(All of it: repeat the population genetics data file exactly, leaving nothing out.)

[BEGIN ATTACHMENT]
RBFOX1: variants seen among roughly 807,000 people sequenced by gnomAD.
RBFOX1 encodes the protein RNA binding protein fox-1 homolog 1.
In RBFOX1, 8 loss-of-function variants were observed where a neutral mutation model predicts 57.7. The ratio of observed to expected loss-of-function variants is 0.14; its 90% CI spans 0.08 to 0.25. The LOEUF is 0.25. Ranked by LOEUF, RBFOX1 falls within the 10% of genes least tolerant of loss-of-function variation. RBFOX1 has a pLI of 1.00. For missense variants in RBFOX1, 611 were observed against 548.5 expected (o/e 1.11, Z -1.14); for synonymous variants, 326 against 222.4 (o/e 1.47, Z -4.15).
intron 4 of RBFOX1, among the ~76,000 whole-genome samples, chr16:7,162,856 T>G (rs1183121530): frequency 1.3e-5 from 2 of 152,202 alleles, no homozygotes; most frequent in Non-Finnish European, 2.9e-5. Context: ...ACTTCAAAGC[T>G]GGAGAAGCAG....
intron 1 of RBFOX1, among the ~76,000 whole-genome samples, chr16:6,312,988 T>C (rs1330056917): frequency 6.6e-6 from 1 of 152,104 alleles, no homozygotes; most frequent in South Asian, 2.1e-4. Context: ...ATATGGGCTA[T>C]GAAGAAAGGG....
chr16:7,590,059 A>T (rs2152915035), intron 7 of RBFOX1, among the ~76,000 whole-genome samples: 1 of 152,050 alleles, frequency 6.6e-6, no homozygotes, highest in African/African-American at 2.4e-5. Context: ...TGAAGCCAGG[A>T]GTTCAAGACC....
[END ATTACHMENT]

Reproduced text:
RBFOX1: variants seen among roughly 807,000 people sequenced by gnomAD.
RBFOX1 encodes the protein RNA binding protein fox-1 homolog 1.
In RBFOX1, 8 loss-of-function variants were observed where a neutral mutation model predicts 57.7. The ratio of observed to expected loss-of-function variants is 0.14; its 90% CI spans 0.08 to 0.25. The LOEUF is 0.25. Ranked by LOEUF, RBFOX1 falls within the 10% of genes least tolerant of loss-of-function variation. RBFOX1 has a pLI of 1.00. For missense variants in RBFOX1, 611 were observed against 548.5 expected (o/e 1.11, Z -1.14); for synonymous variants, 326 against 222.4 (o/e 1.47, Z -4.15).
intron 4 of RBFOX1, among the ~76,000 whole-genome samples, chr16:7,162,856 T>G (rs1183121530): frequency 1.3e-5 from 2 of 152,202 alleles, no homozygotes; most frequent in Non-Finnish European, 2.9e-5. Context: ...ACTTCAAAGC[T>G]GGAGAAGCAG....
intron 1 of RBFOX1, among the ~76,000 whole-genome samples, chr16:6,312,988 T>C (rs1330056917): frequency 6.6e-6 from 1 of 152,104 alleles, no homozygotes; most frequent in South Asian, 2.1e-4. Context: ...ATATGGGCTA[T>C]GAAGAAAGGG....
chr16:7,590,059 A>T (rs2152915035), intron 7 of RBFOX1, among the ~76,000 whole-genome samples: 1 of 152,050 alleles, frequency 6.6e-6, no homozygotes, highest in African/African-American at 2.4e-5. Context: ...TGAAGCCAGG[A>T]GTTCAAGACC....